Denial of service attack might just be a way in

sh_ddos_200Hackers and cyber criminals always have used distributed denial-of-service attacks to target organizations, but new research indicates that the attack method is quickly evolving as it becomes cheaper to create and deploy. The software used in such an attack is now widely distributed via underground marketplaces on the Dark Web, accessible only with the Tor browser, which has led to a spike in attacks, as a report from Kaspersky Lab noted. The report, titled “Denial of Service: How Businesses Evaluate the Threat of DDoS Attacks,” surveyed more than 5,500 companies in 26 countries and found that 50 percent of DDoS attacks “lead to a noticeable disruption of services,” while 24 percent lead to services being completely unavailable. Source: V3

Let’s talk cybersecurity, Japan says

Japan is sponsoring the Cyber3 Conference Okinawa 2015, subtitled “Crafting Security in a Less Secure World,” in November. Among the speakers will be Toshiyuki Shiga, vice chairman of Nissan Motor, Adm. Dennis Blair, Former U.S. director of National Intelligence, and Noboru Nakatani, executive director of Interpol Global Complex for Innovation. Key issues on the agenda are cyber connections, cybersecurity and cyber crime. Source: PR Newswire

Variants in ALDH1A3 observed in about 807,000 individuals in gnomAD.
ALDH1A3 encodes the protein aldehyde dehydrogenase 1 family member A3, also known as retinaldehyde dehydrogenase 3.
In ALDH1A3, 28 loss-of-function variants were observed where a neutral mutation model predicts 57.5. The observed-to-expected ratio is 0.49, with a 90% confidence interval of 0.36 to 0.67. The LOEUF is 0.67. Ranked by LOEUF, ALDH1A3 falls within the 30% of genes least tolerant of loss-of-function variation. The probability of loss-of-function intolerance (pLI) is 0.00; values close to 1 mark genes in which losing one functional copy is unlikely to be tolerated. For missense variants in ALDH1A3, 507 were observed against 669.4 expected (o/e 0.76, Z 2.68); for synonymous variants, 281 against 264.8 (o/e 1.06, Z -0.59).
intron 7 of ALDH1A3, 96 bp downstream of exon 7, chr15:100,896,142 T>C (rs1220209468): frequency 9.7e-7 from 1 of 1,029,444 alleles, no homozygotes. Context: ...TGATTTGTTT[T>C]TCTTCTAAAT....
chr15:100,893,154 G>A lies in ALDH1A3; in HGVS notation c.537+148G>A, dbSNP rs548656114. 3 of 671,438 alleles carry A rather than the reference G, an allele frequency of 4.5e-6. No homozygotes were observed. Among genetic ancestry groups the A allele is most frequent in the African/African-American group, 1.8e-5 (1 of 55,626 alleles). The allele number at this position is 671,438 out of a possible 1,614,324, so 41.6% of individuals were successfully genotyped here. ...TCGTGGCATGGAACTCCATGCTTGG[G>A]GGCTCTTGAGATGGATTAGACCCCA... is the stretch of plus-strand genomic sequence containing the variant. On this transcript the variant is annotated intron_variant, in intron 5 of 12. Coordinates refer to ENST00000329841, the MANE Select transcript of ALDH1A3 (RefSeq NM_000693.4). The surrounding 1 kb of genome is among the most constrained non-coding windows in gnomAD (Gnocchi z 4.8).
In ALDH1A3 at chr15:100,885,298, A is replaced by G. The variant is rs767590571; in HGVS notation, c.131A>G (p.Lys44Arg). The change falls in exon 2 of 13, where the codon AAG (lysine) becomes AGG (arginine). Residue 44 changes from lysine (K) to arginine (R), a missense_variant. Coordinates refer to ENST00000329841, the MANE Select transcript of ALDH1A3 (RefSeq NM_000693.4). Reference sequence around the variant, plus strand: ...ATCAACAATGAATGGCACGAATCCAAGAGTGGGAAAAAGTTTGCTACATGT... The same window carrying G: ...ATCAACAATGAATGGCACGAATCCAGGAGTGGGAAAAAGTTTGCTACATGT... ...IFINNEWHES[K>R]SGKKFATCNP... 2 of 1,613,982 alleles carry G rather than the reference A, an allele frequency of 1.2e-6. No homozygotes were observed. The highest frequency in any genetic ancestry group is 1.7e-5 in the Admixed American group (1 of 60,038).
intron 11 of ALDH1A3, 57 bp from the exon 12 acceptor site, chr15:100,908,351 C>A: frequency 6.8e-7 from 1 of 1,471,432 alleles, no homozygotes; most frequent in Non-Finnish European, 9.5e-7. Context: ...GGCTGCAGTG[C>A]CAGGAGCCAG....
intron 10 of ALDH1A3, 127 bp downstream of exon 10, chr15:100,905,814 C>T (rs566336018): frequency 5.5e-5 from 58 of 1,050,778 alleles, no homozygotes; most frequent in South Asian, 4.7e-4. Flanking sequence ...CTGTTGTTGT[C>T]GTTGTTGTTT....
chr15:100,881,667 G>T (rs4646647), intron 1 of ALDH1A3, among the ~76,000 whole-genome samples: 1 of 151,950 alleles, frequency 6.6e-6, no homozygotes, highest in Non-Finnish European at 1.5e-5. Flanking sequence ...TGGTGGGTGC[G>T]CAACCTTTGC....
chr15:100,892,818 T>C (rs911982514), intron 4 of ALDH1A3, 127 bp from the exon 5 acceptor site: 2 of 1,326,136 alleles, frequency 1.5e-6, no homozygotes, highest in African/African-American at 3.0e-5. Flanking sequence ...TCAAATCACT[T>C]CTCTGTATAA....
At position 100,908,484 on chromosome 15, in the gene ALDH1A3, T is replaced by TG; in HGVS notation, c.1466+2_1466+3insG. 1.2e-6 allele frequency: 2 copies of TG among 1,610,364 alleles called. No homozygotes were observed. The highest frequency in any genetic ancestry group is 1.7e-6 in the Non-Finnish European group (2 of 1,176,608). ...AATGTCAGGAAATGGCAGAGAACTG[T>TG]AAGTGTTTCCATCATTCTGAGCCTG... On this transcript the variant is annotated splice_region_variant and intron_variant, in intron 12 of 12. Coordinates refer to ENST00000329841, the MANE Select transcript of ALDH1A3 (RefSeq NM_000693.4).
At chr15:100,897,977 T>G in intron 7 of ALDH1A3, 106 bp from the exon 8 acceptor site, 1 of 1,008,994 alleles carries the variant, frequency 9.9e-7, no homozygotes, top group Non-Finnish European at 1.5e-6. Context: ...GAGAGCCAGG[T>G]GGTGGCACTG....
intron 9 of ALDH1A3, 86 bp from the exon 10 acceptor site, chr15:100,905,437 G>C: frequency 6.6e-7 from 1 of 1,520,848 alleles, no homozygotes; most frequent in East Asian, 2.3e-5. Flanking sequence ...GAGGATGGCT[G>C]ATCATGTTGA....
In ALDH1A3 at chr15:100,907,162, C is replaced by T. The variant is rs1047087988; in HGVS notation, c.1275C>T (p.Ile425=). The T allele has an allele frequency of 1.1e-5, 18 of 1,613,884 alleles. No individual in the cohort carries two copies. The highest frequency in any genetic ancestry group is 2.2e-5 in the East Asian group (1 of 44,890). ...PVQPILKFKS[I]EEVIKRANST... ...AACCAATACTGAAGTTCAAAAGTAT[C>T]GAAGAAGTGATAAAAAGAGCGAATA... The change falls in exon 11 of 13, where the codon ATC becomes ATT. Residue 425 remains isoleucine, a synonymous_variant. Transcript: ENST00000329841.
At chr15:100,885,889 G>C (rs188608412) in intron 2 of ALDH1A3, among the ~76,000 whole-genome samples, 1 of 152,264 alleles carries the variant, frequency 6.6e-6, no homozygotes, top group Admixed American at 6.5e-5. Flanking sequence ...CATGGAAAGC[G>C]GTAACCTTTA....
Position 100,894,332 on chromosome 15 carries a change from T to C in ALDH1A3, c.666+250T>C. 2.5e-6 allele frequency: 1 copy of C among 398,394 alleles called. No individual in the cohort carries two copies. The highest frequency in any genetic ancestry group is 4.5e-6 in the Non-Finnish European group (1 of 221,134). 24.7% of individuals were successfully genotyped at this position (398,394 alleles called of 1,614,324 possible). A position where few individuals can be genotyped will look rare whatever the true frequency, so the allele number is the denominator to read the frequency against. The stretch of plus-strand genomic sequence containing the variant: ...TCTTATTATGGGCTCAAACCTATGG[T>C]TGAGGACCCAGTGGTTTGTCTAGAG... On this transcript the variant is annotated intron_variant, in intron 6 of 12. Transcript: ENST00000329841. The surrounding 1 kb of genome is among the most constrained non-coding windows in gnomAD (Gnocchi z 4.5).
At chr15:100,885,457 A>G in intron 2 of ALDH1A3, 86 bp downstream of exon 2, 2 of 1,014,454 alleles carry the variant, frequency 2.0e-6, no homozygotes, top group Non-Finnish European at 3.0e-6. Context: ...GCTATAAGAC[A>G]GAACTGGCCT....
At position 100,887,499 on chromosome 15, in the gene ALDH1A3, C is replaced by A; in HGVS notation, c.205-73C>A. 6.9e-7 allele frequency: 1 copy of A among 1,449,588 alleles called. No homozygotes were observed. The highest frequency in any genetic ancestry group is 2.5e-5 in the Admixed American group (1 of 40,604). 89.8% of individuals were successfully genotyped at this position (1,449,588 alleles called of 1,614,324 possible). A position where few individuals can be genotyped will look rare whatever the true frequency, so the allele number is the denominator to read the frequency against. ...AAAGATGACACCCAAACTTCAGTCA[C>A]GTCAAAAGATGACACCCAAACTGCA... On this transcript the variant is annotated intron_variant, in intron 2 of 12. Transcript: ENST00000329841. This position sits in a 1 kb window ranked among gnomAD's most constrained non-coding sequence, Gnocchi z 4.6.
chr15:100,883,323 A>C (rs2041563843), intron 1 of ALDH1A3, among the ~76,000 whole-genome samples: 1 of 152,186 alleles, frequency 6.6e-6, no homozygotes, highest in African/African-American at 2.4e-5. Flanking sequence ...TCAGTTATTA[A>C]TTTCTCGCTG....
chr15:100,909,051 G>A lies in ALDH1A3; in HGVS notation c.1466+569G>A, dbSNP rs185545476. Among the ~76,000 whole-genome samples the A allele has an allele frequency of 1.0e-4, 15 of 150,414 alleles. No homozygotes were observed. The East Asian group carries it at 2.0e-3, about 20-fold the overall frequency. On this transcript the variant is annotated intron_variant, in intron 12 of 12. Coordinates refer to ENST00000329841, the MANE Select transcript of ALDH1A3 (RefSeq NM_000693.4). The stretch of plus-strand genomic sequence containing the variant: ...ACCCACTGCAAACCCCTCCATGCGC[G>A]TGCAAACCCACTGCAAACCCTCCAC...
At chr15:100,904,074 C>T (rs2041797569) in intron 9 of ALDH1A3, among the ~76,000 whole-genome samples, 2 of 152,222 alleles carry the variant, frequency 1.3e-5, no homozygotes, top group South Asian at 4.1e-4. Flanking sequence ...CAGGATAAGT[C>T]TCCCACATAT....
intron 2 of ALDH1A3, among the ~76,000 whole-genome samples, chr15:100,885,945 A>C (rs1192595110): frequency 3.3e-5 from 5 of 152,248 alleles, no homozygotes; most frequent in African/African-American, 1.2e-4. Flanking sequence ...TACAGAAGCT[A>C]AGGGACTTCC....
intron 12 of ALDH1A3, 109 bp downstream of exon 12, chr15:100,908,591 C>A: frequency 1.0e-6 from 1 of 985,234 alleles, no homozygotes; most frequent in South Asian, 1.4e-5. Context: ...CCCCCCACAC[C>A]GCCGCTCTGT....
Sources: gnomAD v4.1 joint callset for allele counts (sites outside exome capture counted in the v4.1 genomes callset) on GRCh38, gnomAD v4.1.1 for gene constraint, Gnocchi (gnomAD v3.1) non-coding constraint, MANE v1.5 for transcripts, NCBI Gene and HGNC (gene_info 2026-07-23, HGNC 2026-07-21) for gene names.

White House not pleased with EU court ruling on privacy

European Union long shadow flag with a lock padThe European Union’s highest court struck down a system European and U.S. companies use to transfer sensitive personal information based on a fundamental misunderstanding of American privacy laws, the White House charged. “[W]e have a variety of concerns about this specific ruling; one of them is that we believe that this decision was based on incorrect assumptions about data privacy protections in the United States,” White House spokesman Josh Earnest said. Since 2000, nations on both sides of the Atlantic have used a system established by the European Commission known as the “safe harbor” system to transfer sensitive data ranging from personnel records to online advertising information. The Court of Justice of the European Union ruled that safe harbor does not adequately protect EU citizens’ privacy. The court concluded that the system’s concessions to U.S. intelligence and law enforcement concerns put Europeans’ personal information at risk. Source: The Washington Examiner